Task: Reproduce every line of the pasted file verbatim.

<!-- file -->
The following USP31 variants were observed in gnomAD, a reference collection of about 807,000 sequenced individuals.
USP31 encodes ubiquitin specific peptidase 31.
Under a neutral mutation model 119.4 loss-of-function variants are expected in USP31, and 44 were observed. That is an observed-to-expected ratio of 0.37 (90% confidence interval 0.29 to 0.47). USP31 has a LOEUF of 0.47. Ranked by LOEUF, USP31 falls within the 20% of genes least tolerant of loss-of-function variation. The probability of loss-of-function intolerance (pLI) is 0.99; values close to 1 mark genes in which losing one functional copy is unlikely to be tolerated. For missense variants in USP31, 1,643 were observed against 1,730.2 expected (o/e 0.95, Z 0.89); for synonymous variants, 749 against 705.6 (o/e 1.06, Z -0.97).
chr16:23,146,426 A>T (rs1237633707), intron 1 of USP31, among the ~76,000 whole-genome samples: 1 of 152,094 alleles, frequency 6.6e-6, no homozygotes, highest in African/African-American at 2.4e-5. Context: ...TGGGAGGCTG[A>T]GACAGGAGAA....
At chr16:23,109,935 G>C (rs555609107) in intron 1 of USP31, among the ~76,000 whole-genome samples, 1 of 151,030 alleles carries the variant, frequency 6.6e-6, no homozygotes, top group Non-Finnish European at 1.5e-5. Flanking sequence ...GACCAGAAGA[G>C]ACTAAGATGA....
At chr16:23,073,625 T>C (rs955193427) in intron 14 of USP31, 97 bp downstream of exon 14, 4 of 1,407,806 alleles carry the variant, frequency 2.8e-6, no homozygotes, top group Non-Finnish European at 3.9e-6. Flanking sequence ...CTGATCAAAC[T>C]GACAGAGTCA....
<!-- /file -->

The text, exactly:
The following USP31 variants were observed in gnomAD, a reference collection of about 807,000 sequenced individuals.
USP31 encodes ubiquitin specific peptidase 31.
Under a neutral mutation model 119.4 loss-of-function variants are expected in USP31, and 44 were observed. That is an observed-to-expected ratio of 0.37 (90% confidence interval 0.29 to 0.47). USP31 has a LOEUF of 0.47. Ranked by LOEUF, USP31 falls within the 20% of genes least tolerant of loss-of-function variation. The probability of loss-of-function intolerance (pLI) is 0.99; values close to 1 mark genes in which losing one functional copy is unlikely to be tolerated. For missense variants in USP31, 1,643 were observed against 1,730.2 expected (o/e 0.95, Z 0.89); for synonymous variants, 749 against 705.6 (o/e 1.06, Z -0.97).
chr16:23,146,426 A>T (rs1237633707), intron 1 of USP31, among the ~76,000 whole-genome samples: 1 of 152,094 alleles, frequency 6.6e-6, no homozygotes, highest in African/African-American at 2.4e-5. Context: ...TGGGAGGCTG[A>T]GACAGGAGAA....
At chr16:23,109,935 G>C (rs555609107) in intron 1 of USP31, among the ~76,000 whole-genome samples, 1 of 151,030 alleles carries the variant, frequency 6.6e-6, no homozygotes, top group Non-Finnish European at 1.5e-5. Flanking sequence ...GACCAGAAGA[G>C]ACTAAGATGA....
At chr16:23,073,625 T>C (rs955193427) in intron 14 of USP31, 97 bp downstream of exon 14, 4 of 1,407,806 alleles carry the variant, frequency 2.8e-6, no homozygotes, top group Non-Finnish European at 3.9e-6. Flanking sequence ...CTGATCAAAC[T>C]GACAGAGTCA....